The villa of Camigliano is one of the most interesting examples of 17th
century architecture in the Lucchesia and can be considered one of the rare examples of baroque architecture found in villas given its elaborate and original forms. You reach the villa by a long avenue of cypress trees which very scenically frame the gate and villa.
The main façade, facing downhill, triumphant, is characterized by a strong movement given the use of different materials be it in consistency (smoothness or roughness) or in colour. The polychrome appearance of the façade is accentuated by the shadows made by the niches and recesses which contrast with the whiteness of the statues and the light colour of the plaster.
The main divisions of the façade are marked by balusters with statues. The central part of the building has a serliana
on the ground floor, which is repeated on the top floor with some variation. The serliana on the ground floor is made of smooth stone, while the pillars of the one on the other floor alternates between ashlars in tufo and stone, which are similar to the ones decorating the lateral parts on the ground floor. The majestic vertical soaring due to the two overlapping serlianas
, continues in the central part with an attic surmounted by an aedicule and a cupola.
The house's interior is richly decorated in stucco, which among other things, frames paintings by the Florentine, Vincenzo Dandini. The trompe l'oeil by the Lucchese quadraturist
painter Pietro Scorzini are also interesting.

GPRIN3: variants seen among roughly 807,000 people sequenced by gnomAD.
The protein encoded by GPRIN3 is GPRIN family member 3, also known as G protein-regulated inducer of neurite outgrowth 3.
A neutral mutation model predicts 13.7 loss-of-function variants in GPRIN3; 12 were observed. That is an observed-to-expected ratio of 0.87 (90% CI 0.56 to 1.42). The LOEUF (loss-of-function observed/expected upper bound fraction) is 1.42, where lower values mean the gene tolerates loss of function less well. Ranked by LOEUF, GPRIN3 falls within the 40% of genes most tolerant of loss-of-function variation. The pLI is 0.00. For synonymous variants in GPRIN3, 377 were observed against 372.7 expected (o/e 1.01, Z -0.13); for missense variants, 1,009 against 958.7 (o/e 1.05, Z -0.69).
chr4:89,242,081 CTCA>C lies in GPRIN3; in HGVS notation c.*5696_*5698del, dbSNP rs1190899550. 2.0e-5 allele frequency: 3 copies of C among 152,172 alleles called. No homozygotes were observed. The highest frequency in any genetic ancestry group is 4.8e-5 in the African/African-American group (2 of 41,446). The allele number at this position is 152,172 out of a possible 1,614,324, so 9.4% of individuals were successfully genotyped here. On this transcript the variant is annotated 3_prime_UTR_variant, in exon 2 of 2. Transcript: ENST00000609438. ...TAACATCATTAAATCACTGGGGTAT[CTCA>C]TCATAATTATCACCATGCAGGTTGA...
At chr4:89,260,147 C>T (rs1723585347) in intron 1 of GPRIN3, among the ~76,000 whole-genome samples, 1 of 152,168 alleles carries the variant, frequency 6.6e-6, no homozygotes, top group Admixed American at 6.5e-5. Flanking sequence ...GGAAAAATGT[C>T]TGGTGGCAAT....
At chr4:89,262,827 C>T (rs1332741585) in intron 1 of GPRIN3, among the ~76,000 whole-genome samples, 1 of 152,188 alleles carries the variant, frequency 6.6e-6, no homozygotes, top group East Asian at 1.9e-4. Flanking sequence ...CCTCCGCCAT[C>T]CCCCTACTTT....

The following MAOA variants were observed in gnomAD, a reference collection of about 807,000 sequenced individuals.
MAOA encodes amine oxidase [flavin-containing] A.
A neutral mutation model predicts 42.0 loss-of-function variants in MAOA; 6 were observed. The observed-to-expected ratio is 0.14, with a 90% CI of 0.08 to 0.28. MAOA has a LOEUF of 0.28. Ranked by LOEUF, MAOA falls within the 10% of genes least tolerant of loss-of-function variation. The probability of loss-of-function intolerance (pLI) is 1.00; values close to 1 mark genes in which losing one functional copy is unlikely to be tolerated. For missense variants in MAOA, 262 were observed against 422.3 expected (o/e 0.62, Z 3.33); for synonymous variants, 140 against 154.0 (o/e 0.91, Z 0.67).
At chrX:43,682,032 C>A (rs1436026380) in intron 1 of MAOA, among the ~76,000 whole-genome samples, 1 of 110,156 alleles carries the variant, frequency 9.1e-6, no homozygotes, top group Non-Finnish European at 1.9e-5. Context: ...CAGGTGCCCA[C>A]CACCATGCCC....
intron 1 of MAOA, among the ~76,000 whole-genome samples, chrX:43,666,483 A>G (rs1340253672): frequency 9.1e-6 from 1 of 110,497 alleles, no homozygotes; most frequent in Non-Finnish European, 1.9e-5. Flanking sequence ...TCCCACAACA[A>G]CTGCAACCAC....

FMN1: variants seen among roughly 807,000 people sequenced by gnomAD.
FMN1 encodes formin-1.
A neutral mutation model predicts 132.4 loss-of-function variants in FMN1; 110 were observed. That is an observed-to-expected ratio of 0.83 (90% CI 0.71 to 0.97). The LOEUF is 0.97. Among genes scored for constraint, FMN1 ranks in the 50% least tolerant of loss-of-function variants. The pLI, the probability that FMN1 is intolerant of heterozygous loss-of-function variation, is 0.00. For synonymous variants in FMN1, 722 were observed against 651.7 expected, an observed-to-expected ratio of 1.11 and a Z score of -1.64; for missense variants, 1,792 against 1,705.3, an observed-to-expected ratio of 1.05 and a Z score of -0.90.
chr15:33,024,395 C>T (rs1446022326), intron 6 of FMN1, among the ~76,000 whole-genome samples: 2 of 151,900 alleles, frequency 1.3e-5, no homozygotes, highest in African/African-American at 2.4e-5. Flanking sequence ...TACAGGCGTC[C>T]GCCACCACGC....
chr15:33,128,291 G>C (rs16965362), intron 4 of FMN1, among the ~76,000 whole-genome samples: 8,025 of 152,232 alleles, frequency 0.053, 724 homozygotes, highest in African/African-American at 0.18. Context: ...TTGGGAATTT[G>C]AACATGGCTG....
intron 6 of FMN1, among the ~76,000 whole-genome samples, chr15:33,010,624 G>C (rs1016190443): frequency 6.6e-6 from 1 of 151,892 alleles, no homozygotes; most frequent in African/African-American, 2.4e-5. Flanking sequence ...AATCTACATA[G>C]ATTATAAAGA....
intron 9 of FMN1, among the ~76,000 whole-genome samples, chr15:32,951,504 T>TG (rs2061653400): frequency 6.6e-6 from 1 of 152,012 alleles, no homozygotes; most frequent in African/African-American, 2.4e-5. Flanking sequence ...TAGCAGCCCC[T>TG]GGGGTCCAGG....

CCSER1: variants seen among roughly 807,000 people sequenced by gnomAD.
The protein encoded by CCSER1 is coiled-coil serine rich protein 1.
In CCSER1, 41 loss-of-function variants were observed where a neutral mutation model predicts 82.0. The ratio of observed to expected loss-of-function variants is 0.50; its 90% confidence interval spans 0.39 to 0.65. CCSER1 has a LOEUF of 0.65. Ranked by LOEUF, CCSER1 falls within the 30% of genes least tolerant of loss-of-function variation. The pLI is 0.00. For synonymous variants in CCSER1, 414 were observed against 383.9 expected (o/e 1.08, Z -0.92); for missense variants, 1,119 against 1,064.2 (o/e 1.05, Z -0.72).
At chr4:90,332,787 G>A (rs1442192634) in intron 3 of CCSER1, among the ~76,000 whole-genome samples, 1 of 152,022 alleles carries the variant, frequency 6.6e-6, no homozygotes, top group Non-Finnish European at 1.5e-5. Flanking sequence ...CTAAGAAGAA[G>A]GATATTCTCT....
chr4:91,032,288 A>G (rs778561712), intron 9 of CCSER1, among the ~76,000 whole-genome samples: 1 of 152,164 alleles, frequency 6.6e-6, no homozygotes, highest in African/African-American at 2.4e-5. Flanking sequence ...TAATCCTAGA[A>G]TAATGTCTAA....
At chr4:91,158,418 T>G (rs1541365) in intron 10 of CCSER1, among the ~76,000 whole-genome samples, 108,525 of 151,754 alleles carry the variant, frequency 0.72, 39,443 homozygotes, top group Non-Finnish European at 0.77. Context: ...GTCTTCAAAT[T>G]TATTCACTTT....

The downhill part of the park was modified during the romantic period, but still mantains the bassin
fountains reflecting the façades, that date back to the layout of 17th
century French influence. The right hand side of the park gives access to the "secret garden", a garden of parterres which concludes with a nymphaeum
. This garden is one of the most beautiful of its kind in the Lucchesia, and is famous for its "waterworks" which are equipped with suitable hydraulic mechanisms, allowing the water to spring out to create an overall scenic effect. On the Sunday immediately following Corpus Domini (2nd
June) there is the tradition of making a carpet of flower petals running 700 metres long.
Historical critical news
The Santini family bought the villa from the Buonvisi family in 1651.
The building in its present form is the result of modifications carried out before 1710, which was realized on a construction in the second half of the 17th century. The person responsible for the restructuring project of the façade was the Bolognese architect Torregiani. Interior modifications and decoration follow immediately after the work carried out on the façade. Research carried out by Marcello Fagiolo and Maria Adriani Giusti on the original layout of the park, found that Bernardo Raggi and Giovanni Lazzoni among others, worked on it during a period that runs from 1673 to 1686. The strong French influence in its realisation is explained by the fact that Nicolao Santini, owner of the villa, was the Republic of Lucca ambassador to the court of King Sole. In the early 1800's, elements from the romantic period were added to the garden, complying with the fashion of the English garden. Nevertheless, the substantial characteristics of the relationship between the garden and the building were not subverted.